The ice racing season opened Monday 2 Dec. The ice is in excellent condition. The Whitehall Trotting association has already caused several tracks to be scraped, straight as arrows, to enable contesting horses to prepare themselves for the coming contest.
Doris B. Morton, Town Historian – The Whitehall Times – December 26, 1974 – Title Unknown
George Knight enclosed his half mile driving and trotting park on E.P. Wood’s with a high board fence. Built last year, it was one of the best parks in New York State. His opening season, July 17, 18, 19, with a good season of races.
Doris B. Morton, Town Historian – The Whitehall Times – August 12, 1982 – Title Unknown
Race horses entered in the Whitehall Racing Park for a $60 purse were Farmers Daughter, Annie Gilligan, Bald Hornet and Plow Boy.
Events in September 1882 included the 41st annual fair of Washington County at Sandy Hill (Hudson Falls), 5-9 September. People reached it by special trains running at
9 a.m. and 6 p.m. On Thursday 10,000 people attended. There were 1,000 ‘wheeled vehicles on the ground. “Nutbrown,” an Ethan Allen colt of Mac J. Brown and Frank Douglass won the 2, 3, 5 heats and won the race.
Doris B. Morton, Town Historian – The Whitehall Times – April 28, 1983 – Title Unknown
In 1883 there were runaways instead of automobile accidents. William Pardo’s young spirited horse was standing with a cart by John Murray’s coal yard on Canal
Street, probably where Ryan’s was later. A train approached and the horse took off up (Broadway) Canal as far as Cooke Street where he reversed and ran the other way down Canal which is now Main Street, Opposite Wilcox grocery store, called the Red Front, which I presume was above Saunders Street. The cart struck the wheel of Vannier’s cart which it overturned and broke. There the horse went onto the sidewalk and passed Quiglcy liquor store at the corner of Division Street, tearing down “Charlie’s” big sign post. At Pike’s store the sign in front was split to pieces. At Travis stove store in the Arcade building a $15 plow was smashed. O.A. Manville’s drug and paint store next had its pile of cans of paint scattered. At Wait’s corner store at Broad and Canal (“Myers” corner) the horse left the walk and ran down Broad Street to Yule’s Hotel at the south corner of Bellamy. He ran between the lamp post and the house and cut around the corner into Bellamy Street. The lamp was smashed but here the horse was stopped.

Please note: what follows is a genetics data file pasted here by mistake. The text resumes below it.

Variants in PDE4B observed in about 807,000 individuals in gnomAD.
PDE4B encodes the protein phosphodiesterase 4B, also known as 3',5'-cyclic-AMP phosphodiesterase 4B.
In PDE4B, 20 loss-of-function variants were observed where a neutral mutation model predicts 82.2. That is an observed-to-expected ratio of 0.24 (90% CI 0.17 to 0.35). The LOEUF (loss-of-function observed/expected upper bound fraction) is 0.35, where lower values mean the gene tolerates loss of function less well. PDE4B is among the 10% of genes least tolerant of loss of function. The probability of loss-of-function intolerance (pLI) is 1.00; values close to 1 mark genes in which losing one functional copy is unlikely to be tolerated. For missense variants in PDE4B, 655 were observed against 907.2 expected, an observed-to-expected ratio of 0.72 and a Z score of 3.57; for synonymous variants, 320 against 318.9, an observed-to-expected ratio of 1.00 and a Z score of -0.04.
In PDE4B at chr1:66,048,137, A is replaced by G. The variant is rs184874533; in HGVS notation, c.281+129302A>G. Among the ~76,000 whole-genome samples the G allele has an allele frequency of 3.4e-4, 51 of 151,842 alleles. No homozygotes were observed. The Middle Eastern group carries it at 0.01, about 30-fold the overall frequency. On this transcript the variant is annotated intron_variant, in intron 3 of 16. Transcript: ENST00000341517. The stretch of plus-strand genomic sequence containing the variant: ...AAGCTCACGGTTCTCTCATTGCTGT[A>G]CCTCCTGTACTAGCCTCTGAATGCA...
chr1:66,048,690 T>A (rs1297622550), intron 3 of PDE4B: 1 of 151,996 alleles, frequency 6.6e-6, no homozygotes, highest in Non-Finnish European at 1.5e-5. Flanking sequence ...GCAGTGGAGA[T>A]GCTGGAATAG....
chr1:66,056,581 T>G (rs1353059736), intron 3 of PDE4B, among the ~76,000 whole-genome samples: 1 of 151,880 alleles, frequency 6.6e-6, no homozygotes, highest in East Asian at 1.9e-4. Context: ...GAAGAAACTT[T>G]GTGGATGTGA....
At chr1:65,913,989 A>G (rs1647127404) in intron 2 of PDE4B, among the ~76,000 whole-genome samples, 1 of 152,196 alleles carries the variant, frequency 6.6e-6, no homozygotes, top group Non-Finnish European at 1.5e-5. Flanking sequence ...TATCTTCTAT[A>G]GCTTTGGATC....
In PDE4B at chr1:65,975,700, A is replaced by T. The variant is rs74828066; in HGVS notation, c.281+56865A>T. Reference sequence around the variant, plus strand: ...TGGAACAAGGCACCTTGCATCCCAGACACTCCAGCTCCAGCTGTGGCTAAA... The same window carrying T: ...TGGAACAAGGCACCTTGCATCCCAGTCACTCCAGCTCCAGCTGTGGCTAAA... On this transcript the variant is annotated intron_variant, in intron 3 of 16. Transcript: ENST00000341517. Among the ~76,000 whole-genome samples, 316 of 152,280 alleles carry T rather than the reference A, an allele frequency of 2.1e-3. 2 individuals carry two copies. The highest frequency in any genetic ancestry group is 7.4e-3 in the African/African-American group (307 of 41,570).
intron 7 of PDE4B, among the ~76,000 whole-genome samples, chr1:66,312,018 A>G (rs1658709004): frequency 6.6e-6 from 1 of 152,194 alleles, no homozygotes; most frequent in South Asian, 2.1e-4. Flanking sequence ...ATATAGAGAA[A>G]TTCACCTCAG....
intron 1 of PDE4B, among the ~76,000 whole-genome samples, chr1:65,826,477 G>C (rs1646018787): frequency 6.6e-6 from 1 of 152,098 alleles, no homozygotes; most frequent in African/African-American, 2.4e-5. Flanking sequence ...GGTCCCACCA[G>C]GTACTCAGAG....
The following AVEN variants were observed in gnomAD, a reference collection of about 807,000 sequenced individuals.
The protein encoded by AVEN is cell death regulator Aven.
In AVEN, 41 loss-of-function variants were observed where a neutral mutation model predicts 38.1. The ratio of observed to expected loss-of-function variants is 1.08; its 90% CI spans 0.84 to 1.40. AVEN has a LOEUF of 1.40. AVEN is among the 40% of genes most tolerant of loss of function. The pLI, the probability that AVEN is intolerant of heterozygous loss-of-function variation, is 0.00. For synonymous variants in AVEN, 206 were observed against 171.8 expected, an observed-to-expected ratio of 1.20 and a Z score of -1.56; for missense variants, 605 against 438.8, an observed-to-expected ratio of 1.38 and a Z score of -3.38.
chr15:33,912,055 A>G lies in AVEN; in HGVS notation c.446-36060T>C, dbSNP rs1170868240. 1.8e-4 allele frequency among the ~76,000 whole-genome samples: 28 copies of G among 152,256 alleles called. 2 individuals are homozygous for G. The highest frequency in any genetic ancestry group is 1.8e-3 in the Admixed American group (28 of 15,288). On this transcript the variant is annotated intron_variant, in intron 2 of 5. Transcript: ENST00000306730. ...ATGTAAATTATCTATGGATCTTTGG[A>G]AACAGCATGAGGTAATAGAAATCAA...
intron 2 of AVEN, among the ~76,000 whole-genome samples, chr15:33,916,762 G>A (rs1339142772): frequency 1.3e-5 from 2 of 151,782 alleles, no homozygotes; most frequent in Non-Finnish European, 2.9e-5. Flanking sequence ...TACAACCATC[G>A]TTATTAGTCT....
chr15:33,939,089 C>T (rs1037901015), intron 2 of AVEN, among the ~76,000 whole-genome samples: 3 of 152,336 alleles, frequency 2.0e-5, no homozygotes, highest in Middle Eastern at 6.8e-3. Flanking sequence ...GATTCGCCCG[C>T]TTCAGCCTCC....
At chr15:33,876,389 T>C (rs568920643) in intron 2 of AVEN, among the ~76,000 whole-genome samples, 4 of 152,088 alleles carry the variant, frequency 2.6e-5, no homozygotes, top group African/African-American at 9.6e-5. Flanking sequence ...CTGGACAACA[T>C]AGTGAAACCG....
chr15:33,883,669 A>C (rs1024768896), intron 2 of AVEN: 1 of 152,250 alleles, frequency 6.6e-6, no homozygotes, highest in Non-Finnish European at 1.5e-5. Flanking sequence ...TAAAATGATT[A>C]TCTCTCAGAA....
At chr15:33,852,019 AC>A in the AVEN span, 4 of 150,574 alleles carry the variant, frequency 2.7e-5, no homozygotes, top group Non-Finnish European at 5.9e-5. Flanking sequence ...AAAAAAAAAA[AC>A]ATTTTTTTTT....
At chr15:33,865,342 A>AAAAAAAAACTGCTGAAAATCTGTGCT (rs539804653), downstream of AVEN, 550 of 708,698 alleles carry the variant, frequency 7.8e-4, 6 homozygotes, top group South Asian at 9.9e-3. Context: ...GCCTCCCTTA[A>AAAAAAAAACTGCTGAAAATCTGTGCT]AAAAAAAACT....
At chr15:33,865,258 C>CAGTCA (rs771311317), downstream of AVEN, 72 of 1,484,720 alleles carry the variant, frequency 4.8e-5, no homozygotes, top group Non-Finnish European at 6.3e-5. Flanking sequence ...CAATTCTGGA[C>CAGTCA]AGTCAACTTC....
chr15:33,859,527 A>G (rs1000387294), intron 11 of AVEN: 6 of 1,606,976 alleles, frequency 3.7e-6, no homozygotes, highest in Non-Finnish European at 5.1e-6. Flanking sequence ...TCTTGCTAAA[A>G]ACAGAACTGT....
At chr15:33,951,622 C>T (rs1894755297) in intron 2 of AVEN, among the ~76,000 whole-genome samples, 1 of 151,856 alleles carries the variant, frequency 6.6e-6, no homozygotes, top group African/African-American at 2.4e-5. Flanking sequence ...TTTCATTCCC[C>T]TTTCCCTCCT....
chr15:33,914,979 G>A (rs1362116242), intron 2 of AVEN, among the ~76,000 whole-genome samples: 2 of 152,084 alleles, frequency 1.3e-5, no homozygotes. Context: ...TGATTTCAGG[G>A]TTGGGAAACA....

The horse had run on the sidewalk a full block but no one was injured, the pedestrians leaping out of the way. Nor was there much damage even though goods and
sign posts were plentiful. One never knew what a runaway horse would do. Other horse affairs occurred at this same time. The one attached to Renois and
Son’s bakery cart took fright from a thill dropping on its head and running down Canal and Broad streets collided with William Sinnott’s delivery wagon. Both horses were
severely cut and the wagons somewhat broken. Sinnott’s was at one time on Broad Street.
Richard Woollett shod 112 horses in seven days. One of the biggest shoeing feats on record at the line barn, in seven consecutive days, with only one Sunday out.
A sign of spring as the passage through the streets of a lot of mules strung like dried apples on a rope. ([Whitehall Times] Editor’s note: Hee! Haw! Mr. Wilkins, it was)
Herbert Case used to tell that the mules were brought in from pasture on the surrounding farms in lots of fourteen tied together.
J.R. Broughton’s horse, standing in front of the store, took fright at snow falling off the building and running towards home overturned the wagon. The carriage and harness were damaged.
Doris B. Morton, Town Historian – The Whitehall Times – April 28, 1983
Mr. and Mrs. Harvey Bartholomew nearly drowned while crossing the ford at East Bay on their way to North Whitehall. They got out of the ford and their wagon tipped
over. Mrs. Bartholomew was going down the second time when her husband caught her in the deep water and swam ashore with her, leaving the horse and wagon in the water.
He urged her to leave and go to friends for help. He then held the horse’s head above water, which he was able to do because the animal was checked up with a tight rein. He was clinging to a tree when help arrived and the horse and wagon were retrieved from the water. The editor of the paper added to the story: “Buoy out the line of the ferry, gentlemen, so you won’t get into hot water.”
Doris B. Morton, Town Historian – The Whitehall Times – May 19, 1983